In last weekend’s commentary I attempted to put a rough January into proper perspective by urging you to view the stock market as an “antifragile” (benefits from stress) entity. Again, periodic market downturns are an essential aspect of the long-term investing process. As I stated in our year-end letter, and several commentaries since, I expect financial markets in 2015 to exhibit the kind of volatility that will challenge the resolve of many a short-term investor. Good thing you and I think long-term!
One additional note on volatility: The past couple of weeks I’ve shared with you the very short-term results for markets and sectors. I do this with a bit of hesitation, as I in no way want to give the impression that you, nor I for that matter, should base our long-term investment decisions on short-term movements in markets or their sectors. It can, however, serve as a reference point for how the markets are, or are not, responding to the data (which is why I, as a professional, track the short-term). As you may have noticed, my beginning of the year optimism over non-US and the housing sector (to name two), and pessimism over utilities, appears to be justified by recent results. I need to strongly (very strongly!) emphasize that I was not predicting what we’ve experienced these few short weeks into 2015. My optimism or concerns are based on factors such as valuations, trends, monetary policy and cyclicality—and my comfort in making allocation recommendations rests on the view that our clients are not short-minded investors (it can take awhile, if at all, for the market to reward what I believe to be good fundamental logic) who mistakenly believe that any human being possesses a capacity for market timing. Some people get lucky from time to time, but without exception, market timers are wrong far more often than they are right. The path to long-term investment success is fraught with bumps and potholes. The ones who successfully make the journey take it slow and never over-compensate when steering through and around the inevitable obstacles along the way.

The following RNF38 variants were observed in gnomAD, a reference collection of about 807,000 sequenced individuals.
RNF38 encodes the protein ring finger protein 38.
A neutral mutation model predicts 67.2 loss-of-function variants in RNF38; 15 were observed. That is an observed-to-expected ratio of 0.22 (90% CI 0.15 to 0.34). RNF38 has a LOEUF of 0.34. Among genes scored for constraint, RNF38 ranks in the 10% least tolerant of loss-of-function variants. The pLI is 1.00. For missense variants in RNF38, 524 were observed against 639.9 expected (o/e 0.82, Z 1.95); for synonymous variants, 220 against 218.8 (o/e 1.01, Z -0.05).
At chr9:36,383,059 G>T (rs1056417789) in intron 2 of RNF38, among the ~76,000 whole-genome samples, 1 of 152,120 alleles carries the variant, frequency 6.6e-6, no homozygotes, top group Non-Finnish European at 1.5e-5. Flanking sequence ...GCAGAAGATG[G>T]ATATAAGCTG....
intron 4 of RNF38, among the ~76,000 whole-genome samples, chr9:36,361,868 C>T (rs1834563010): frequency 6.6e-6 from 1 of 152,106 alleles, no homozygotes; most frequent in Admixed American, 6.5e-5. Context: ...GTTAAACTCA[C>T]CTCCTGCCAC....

Here are last week’s U.S. economic highlights:
JUNE 29, 2015
PENDING HOME SALES FOR MAY are another data point that justifies the optimism I've had over housing since late last year. The index came in at its highest level since 2006, 112.6. The month-over-month increase was .9%.
THE DALLAS FED MANUFACTURING SURVEY fell again in June, but the pace of the decline moderated. The General Activity Index came in at -7.0 vs -20.8 in May. The June reading was better than the consensus estimate. Weakness in exports (the strong dollar) and weakness in energy equipment (the low price of oil) continue to drag on the sector.
JUNE 30, 2015
THE JOHNSON REDBOOK RETAIL REPORT continues to not support the notion that the consumer is feeling good and getting out of the house. Up 1.7% year-over-year, and down a whopping 1.5% week-over-week.
THE ICSC CHAIN STORE SALES REPORT makes more sense given what I'm seeing among consumer-related indicators, up 2.7% year-over-year.
THE CASE-SHILLER HOME PRICE INDEX didn't come in at a rate that jibes with recent housing stats. Up 4.9% year-over-year. The commentary within yesterday's pending homes report suggests prices are rising at a rate that would crimp first-timers ability to enter the market. That makes more sense to me.
THE CHICAGO PMI continues to show the Chicago economy lagging. Coming in at a contractionary 49.4 (50+ denotes expansion). Although it was an improvement over May's 46.2. Unlike most other surveys, this one's employment component is the lowest since 11/09. The one bright spot is respondents cautious optimism over new orders in the coming quarter.
THE CONFERENCE BOARD'S CONSUMER CONFIDENCE INDEX FOR JUNE suggests that the consumer is feeling good about his/her prospects. Coming in at its second-highest reading in 8 years, 101.4. Here's from Bloomberg's commentary:
Spending Outlook Brightens as Jobs Lift Americans’ Spirits (1)
By Erin Roman
(Bloomberg) -- The pickup in hiring is doing wonders for Americans’ economic mood.
The Conference Board’s consumer confidence index advanced to 101.4 in June, matching the second-highest level in almost eight years, the New York-based private research group said Tuesday. The reading exceeded all forecasts in a Bloomberg survey of 75 economists.